However, within the positives, there are challenges that still remain to be addressed. Despite steady growth of the insurance sector, the insurance penetration in India (measured as the ratio of premium underwritten to GDP) stood at only 3.5% in 2016-17. Although, there was a considerable growth in market penetration from 2.7% in 2001, India today compares poorly with other Asian countries such as China (4.8%) and Thailand (5.4%) when looking at insurance penetration.
The penetration of life insurance for the same period stands at 2.7% and general insurance at 0.8% as compared to the global average of 3.5% and 2.8% respectively. Thus, there is still a huge underserved market that can be tapped. With India’s rural economy and youthful population, we know that a large part of this insurance potential can only be tapped by using the smartphone and other digital distribution channels.
Another issue for the insurance industry is related to data availability. Although the industry is sitting on rich piles of historical data, the same cannot be easily used to extract maximum benefits for pricing, underwriting, counter-fraud or other purposes.
One of the reasons is that a few remaining parts of the data are still non-digitized or being held in an individual insurer’s data silos, as an isolated part of the jigsaw.
Secondly, there is an issue with structuring, integration and standardisation of data with the digitised data spread across different systems of the insurance companies. Another issue that plagues the insurance industry is the lack of reliable third party data, especially financial data that is not necessarily built with insurance as the intended purpose. Years of manual data handling and customer self-declaration of data in dispersed systems tends to introduce errors and data anomalies, which is effectively what we are dealing with today.
At LexisNexis Risk Solutions recently we’ve been working with insurers on pooling data into a series of shared platforms or data exchanges, creating what is effectively a vast new ocean of shared data insights and risk attributes.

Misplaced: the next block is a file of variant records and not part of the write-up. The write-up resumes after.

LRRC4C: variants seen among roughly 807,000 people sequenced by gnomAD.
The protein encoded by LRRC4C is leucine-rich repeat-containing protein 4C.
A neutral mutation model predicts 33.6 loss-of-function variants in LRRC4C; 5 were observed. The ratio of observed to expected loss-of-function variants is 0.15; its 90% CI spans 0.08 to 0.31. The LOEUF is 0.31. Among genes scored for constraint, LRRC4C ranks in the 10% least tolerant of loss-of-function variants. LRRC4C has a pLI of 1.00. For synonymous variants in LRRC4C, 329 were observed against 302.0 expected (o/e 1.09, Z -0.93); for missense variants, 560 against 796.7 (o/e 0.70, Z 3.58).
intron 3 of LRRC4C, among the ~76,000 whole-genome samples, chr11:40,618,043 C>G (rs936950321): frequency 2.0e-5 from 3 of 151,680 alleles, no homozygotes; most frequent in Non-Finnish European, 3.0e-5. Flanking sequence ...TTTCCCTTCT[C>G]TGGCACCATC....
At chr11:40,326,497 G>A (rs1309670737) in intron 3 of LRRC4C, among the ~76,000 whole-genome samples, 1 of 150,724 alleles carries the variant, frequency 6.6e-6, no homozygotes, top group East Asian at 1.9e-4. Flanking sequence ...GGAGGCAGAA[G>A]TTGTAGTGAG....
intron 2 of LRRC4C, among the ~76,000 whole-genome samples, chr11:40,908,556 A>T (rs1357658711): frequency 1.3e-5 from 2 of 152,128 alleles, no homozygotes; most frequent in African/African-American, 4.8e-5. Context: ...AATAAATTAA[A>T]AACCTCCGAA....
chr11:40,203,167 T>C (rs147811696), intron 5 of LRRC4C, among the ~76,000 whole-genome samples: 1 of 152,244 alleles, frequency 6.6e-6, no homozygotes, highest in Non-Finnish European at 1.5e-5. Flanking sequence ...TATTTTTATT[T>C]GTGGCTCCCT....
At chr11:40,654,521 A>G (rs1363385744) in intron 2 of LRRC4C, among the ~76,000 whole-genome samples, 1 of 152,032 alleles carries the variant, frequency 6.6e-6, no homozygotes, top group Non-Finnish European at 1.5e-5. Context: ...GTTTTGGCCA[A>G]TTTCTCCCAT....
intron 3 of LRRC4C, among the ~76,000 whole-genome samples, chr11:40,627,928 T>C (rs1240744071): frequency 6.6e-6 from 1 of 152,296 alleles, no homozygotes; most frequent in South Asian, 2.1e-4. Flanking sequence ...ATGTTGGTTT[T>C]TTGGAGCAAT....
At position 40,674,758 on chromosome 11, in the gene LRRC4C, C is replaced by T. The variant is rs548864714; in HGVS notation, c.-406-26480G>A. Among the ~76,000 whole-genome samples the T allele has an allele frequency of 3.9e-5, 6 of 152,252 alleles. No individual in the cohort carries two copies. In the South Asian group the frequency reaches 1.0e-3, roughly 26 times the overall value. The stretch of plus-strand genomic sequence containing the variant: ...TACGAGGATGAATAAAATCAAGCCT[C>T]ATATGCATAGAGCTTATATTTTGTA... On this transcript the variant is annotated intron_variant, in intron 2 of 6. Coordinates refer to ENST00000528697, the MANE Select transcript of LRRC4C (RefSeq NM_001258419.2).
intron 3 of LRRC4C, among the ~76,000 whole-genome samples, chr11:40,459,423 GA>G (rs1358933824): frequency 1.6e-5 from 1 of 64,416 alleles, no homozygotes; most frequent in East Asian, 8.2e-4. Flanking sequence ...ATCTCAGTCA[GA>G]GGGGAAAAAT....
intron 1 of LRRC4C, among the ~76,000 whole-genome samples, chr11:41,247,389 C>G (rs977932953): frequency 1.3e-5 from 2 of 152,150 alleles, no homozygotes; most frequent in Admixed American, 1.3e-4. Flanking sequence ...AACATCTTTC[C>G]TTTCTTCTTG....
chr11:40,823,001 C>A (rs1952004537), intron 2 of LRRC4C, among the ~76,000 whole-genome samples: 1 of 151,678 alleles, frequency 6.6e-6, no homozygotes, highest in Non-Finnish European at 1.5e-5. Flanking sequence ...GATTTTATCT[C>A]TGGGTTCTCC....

What big data promises?
As we’ve mentioned the insurance industry has long been sitting on piles of data. Traditionally, however, there was a lack of structuring, integration, accessibility and reliability of this data.
However, a lot has changed in recent years. With the progress made in the fields of image recognition, natural language processing, speech recognition along with the availability of massive computing power such useful new data sources can now be made ready for the insurance workflow, with the help of data normalization and standardisation from a data aggregator.
When the data is prepared correctly for the analytics process, it then becomes possible to apply BI (Business Intelligence) tools on these vast streams of heterogeneous data from various sources and derive actionable insights. The insurance industry has evolved tremendously by leveraging big data, although this is still more to be done on this journey. Traditional insurers, along with insurtech companies, are making use of data analytics to create new efficiencies and drive the customer experience, all along the value chain but primarily in pricing, underwriting, claims handling and to some extent in marketing (knowing the right time and the right place to interact in the customer’s lifestages).